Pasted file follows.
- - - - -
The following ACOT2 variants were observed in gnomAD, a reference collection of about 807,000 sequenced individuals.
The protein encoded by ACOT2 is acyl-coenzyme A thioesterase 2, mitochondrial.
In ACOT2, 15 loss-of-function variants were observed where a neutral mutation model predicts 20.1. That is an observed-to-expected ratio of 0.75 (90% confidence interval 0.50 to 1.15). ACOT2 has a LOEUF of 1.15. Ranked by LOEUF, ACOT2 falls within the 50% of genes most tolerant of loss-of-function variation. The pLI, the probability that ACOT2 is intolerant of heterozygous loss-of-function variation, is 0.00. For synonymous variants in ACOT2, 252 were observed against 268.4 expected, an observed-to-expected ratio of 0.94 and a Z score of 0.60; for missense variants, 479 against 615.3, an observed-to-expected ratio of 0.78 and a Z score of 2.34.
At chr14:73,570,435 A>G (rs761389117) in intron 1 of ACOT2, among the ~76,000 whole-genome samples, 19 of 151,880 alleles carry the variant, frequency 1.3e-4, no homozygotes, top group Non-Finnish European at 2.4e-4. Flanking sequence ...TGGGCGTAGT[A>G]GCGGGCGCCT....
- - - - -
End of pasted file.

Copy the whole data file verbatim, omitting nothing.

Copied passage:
The following ACOT2 variants were observed in gnomAD, a reference collection of about 807,000 sequenced individuals.
The protein encoded by ACOT2 is acyl-coenzyme A thioesterase 2, mitochondrial.
In ACOT2, 15 loss-of-function variants were observed where a neutral mutation model predicts 20.1. That is an observed-to-expected ratio of 0.75 (90% confidence interval 0.50 to 1.15). ACOT2 has a LOEUF of 1.15. Ranked by LOEUF, ACOT2 falls within the 50% of genes most tolerant of loss-of-function variation. The pLI, the probability that ACOT2 is intolerant of heterozygous loss-of-function variation, is 0.00. For synonymous variants in ACOT2, 252 were observed against 268.4 expected, an observed-to-expected ratio of 0.94 and a Z score of 0.60; for missense variants, 479 against 615.3, an observed-to-expected ratio of 0.78 and a Z score of 2.34.
At chr14:73,570,435 A>G (rs761389117) in intron 1 of ACOT2, among the ~76,000 whole-genome samples, 19 of 151,880 alleles carry the variant, frequency 1.3e-4, no homozygotes, top group Non-Finnish European at 2.4e-4. Flanking sequence ...TGGGCGTAGT[A>G]GCGGGCGCCT....